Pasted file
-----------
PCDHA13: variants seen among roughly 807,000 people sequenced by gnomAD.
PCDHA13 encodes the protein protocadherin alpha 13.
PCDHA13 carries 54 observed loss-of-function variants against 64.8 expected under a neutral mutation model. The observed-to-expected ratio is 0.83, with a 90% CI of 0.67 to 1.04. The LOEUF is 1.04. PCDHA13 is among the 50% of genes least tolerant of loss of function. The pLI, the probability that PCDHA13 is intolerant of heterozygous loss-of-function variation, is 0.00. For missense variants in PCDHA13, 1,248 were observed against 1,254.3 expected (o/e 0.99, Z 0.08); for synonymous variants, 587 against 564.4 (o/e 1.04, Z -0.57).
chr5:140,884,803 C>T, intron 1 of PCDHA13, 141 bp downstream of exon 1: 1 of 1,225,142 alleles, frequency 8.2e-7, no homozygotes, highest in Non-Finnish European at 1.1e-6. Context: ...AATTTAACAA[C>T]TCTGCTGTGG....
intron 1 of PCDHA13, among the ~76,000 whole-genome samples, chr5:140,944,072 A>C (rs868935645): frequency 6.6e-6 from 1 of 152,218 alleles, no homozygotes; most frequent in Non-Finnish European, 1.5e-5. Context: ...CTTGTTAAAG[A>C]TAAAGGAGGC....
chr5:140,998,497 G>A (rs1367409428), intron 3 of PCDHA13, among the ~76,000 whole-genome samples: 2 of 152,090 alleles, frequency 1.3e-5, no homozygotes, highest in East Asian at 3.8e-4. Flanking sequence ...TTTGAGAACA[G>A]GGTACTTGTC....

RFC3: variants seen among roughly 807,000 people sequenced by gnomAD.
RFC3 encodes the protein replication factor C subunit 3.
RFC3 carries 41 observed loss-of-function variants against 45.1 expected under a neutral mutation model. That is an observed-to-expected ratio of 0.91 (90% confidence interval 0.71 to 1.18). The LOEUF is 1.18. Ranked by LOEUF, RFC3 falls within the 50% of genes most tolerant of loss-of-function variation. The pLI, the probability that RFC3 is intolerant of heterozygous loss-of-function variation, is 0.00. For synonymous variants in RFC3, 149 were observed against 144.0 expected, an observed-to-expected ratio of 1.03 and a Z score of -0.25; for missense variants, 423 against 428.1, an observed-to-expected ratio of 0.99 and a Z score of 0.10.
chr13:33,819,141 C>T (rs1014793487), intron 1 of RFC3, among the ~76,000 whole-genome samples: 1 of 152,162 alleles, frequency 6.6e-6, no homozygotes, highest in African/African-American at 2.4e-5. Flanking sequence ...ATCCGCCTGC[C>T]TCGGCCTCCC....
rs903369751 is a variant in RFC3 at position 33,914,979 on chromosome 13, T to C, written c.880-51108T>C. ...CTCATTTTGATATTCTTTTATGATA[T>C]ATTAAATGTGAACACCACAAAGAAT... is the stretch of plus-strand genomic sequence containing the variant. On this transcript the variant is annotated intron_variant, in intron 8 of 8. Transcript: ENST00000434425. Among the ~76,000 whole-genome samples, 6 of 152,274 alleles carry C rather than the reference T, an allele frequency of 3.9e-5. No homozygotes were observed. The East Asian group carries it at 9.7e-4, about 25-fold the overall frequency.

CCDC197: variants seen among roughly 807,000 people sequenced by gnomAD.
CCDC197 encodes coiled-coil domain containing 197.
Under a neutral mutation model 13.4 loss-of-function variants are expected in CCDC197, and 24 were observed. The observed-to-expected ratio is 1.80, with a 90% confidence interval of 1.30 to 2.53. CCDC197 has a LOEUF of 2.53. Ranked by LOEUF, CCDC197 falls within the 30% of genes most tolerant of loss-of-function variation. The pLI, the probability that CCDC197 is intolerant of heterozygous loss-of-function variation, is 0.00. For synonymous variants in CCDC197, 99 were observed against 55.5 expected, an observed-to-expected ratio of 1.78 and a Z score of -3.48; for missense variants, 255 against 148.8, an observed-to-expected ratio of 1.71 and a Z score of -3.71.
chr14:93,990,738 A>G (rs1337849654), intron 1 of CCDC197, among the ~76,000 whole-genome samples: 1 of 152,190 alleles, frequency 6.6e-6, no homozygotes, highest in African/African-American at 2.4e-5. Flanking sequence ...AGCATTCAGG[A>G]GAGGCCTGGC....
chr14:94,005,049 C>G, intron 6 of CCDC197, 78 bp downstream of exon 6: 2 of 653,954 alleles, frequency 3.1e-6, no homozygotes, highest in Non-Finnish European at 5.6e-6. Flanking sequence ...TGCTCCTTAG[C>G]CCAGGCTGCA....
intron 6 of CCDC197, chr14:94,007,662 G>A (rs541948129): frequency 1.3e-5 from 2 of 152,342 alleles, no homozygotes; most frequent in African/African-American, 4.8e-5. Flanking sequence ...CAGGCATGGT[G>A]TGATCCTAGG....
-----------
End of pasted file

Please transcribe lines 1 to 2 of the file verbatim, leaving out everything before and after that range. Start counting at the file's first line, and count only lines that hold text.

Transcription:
PCDHA13: variants seen among roughly 807,000 people sequenced by gnomAD.
PCDHA13 encodes the protein protocadherin alpha 13.